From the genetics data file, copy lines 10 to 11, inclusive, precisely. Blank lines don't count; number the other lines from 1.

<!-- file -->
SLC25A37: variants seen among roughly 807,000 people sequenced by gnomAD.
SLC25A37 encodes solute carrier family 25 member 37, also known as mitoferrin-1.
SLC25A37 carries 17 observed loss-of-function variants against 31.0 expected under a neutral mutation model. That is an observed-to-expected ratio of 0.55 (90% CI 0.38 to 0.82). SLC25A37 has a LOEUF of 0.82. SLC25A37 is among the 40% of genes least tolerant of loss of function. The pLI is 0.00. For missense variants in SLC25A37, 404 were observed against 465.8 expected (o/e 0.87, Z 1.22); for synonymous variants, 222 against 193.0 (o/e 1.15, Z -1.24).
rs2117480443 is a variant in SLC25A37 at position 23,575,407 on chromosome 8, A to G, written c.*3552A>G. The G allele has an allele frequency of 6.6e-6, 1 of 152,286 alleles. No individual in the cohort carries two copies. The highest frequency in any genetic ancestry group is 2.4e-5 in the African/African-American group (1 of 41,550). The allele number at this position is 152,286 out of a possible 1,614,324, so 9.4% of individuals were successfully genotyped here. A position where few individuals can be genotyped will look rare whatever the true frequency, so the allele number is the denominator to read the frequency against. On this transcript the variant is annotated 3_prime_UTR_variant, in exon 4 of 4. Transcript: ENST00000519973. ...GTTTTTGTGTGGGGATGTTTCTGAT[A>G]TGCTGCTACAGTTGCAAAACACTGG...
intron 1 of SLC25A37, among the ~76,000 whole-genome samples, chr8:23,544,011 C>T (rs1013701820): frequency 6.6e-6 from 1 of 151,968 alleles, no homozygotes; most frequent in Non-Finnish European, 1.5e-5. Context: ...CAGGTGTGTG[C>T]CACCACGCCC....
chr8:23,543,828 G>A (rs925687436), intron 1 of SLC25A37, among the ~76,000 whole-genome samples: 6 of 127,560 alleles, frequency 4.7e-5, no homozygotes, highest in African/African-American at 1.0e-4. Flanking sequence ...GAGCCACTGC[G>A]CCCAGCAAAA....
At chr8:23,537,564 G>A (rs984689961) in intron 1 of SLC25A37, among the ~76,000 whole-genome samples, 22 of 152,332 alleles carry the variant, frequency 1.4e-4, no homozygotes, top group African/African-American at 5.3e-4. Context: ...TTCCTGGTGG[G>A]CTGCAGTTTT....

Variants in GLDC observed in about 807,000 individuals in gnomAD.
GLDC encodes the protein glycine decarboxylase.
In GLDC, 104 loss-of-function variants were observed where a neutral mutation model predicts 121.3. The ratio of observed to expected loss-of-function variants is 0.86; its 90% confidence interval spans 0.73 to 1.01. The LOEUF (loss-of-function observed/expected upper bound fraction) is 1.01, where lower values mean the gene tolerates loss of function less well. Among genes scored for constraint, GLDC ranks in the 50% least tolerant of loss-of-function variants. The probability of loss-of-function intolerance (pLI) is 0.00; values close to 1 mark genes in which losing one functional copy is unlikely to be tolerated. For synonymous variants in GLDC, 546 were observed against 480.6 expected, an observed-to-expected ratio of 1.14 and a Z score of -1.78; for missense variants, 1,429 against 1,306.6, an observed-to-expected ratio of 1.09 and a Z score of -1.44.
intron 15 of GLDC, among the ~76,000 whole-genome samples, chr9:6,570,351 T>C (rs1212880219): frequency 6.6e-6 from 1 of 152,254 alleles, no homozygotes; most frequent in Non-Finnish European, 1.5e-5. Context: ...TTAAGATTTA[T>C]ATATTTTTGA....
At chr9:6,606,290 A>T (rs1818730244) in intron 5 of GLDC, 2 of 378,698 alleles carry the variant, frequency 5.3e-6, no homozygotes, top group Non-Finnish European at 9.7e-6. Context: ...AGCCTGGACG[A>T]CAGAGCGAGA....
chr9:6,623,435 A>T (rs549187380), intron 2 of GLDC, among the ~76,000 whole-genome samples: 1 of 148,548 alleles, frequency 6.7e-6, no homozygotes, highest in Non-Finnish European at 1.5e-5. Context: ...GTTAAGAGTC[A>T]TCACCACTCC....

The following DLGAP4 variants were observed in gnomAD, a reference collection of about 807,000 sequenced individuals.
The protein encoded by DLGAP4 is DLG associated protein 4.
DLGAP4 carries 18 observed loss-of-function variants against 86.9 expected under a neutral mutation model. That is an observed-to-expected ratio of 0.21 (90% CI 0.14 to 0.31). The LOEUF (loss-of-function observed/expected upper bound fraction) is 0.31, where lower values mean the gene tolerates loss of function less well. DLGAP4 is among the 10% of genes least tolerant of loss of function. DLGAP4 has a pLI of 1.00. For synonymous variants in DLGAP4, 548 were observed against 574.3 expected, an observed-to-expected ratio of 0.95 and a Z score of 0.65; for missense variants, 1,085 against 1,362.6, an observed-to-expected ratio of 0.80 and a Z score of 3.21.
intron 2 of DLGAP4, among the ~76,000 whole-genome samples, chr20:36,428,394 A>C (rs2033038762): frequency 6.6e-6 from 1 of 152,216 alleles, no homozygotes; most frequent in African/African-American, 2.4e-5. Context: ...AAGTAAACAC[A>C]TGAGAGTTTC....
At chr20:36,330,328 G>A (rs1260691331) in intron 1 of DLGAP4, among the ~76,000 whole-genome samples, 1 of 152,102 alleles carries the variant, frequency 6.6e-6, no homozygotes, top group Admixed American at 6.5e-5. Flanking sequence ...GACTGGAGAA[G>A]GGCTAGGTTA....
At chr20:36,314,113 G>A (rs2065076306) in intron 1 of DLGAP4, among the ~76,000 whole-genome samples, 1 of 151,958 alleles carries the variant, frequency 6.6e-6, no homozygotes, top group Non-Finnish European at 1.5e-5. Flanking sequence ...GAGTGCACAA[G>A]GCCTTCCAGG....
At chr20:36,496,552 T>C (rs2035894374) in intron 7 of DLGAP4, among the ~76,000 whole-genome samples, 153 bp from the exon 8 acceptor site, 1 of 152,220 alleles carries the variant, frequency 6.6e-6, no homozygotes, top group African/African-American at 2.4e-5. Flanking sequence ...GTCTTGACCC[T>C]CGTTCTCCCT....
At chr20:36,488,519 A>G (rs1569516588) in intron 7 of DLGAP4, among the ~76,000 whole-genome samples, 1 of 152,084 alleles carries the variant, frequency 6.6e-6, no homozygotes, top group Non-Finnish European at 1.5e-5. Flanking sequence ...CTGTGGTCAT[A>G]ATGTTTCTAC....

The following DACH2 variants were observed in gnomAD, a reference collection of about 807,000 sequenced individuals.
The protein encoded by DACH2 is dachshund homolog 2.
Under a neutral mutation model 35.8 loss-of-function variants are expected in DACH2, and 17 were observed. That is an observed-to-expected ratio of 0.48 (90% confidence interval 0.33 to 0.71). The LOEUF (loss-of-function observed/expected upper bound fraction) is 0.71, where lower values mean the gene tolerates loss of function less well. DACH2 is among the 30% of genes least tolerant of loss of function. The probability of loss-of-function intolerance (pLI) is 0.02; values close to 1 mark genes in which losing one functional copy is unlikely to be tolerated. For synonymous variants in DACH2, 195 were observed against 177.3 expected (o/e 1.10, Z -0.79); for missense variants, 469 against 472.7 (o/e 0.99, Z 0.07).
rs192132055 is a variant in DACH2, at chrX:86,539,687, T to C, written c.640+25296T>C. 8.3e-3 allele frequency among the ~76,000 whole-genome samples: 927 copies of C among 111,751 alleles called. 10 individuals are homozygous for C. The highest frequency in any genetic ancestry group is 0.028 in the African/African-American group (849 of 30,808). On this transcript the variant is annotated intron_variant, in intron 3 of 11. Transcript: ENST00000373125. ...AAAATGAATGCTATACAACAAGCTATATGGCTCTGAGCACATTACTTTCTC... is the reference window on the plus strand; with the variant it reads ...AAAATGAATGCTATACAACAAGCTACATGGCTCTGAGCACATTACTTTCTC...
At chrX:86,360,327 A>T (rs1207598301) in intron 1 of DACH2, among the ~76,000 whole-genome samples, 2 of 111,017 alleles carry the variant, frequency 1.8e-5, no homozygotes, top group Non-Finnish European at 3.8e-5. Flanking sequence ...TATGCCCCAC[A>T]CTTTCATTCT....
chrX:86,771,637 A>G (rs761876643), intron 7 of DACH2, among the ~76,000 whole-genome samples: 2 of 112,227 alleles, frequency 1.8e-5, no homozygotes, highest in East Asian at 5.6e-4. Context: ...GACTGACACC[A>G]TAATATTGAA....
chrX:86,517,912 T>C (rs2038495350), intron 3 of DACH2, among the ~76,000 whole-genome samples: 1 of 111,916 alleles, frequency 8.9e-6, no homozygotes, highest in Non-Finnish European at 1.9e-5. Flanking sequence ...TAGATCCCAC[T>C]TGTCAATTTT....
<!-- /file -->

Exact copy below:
In GLDC, 104 loss-of-function variants were observed where a neutral mutation model predicts 121.3. The ratio of observed to expected loss-of-function variants is 0.86; its 90% confidence interval spans 0.73 to 1.01. The LOEUF (loss-of-function observed/expected upper bound fraction) is 1.01, where lower values mean the gene tolerates loss of function less well. Among genes scored for constraint, GLDC ranks in the 50% least tolerant of loss-of-function variants. The probability of loss-of-function intolerance (pLI) is 0.00; values close to 1 mark genes in which losing one functional copy is unlikely to be tolerated. For synonymous variants in GLDC, 546 were observed against 480.6 expected, an observed-to-expected ratio of 1.14 and a Z score of -1.78; for missense variants, 1,429 against 1,306.6, an observed-to-expected ratio of 1.09 and a Z score of -1.44.
intron 15 of GLDC, among the ~76,000 whole-genome samples, chr9:6,570,351 T>C (rs1212880219): frequency 6.6e-6 from 1 of 152,254 alleles, no homozygotes; most frequent in Non-Finnish European, 1.5e-5. Context: ...TTAAGATTTA[T>C]ATATTTTTGA....